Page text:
Auto Workers Oppose Trump Tariffs that Would Destroy Jobs

Trump’s proposed tariffs are opposed by virtually every trade group associated with manufacturing and any group with export business.

Dozens of employees from Toyota’s 10 U.S. assembly plants were in Washington, D.C., opposing the government’s threat to impose a 25% tariff on imported vehicles and parts. They were part of a growing movement of opposition to Trump’s job destroying trade plans. They were joined by U.S. production workers from other international automakers across the country. To draw attention to the automakers’ U.S.-built vehicles, a caravan of cars and trucks circled the Capitol during a Commerce Department hearing Friday examining whether auto imports are a “threat to national security.” According to an auto industry trade group they will cost consumers $83 billion.

AutoInformed.com on Commerce Dept. Hearings July 2018 with Autoworkers Protesting Job Destroying Trump Tariffs

Tariffs: another bellicose Trump sound bite to distract from  the silence tariffs he pays to women, but a giant bite in the posterior for auto workers and consumers.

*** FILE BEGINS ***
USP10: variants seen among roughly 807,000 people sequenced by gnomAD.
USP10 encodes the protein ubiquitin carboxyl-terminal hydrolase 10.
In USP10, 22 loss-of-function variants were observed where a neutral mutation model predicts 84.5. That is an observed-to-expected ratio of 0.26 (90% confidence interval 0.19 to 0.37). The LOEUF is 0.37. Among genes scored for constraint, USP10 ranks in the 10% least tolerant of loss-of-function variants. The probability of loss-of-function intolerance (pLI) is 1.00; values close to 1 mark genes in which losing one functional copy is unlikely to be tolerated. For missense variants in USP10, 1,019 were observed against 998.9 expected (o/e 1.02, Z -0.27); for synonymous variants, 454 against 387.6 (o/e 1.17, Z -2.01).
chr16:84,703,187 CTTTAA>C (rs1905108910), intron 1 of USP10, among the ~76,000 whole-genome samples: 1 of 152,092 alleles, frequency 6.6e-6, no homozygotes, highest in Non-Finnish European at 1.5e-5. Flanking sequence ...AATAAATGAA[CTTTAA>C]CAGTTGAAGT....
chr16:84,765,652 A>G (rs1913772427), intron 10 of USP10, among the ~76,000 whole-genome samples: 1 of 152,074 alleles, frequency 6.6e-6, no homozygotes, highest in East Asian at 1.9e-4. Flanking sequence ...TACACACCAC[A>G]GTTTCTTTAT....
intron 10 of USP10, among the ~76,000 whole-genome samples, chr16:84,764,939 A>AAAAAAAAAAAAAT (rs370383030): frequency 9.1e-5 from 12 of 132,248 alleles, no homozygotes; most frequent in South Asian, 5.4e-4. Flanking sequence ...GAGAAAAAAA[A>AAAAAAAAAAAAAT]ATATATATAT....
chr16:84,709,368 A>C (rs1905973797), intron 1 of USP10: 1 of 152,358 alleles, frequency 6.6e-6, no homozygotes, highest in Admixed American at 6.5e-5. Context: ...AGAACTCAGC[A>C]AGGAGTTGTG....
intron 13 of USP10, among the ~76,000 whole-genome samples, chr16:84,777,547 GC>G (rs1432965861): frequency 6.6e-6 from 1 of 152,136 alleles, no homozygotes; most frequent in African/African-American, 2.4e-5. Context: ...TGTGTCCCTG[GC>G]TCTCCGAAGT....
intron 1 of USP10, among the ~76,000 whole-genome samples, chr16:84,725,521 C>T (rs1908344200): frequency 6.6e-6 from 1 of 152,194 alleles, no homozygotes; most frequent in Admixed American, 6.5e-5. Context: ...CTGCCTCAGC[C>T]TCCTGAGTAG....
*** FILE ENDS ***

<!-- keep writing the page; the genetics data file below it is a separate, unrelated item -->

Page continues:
Toyota exports eight of its U.S. models to 31 countries. If tariffs are imposed, Toyota estimates the cost of the Kentucky-built Toyota Camry will increase by $1,800, the Texas-built Tundra truck by $2,800 and the Indiana-built Sienna minivan by $3,000. The government is expected to decide later this year on whether to impose tariffs. For more information and to view video clips, click here.

General Motors also said that if President Trump added another round  of tariffs, the move could hurt, leading to “less investment, fewer jobs and lower wages” for its employees. The U.S.’s largest automaker said that the president’s threat to impose tariffs on imports of cars and car parts — along with previous  penalties — could drive vehicle prices up by thousands of dollars. The “hardest hit” cars, General Motors said in comments submitted to the Commerce Department, are likely to be the ones bought by consumers who can least afford an increase. Demand would suffer and production would slow, all of which “could lead to a smaller G.M.”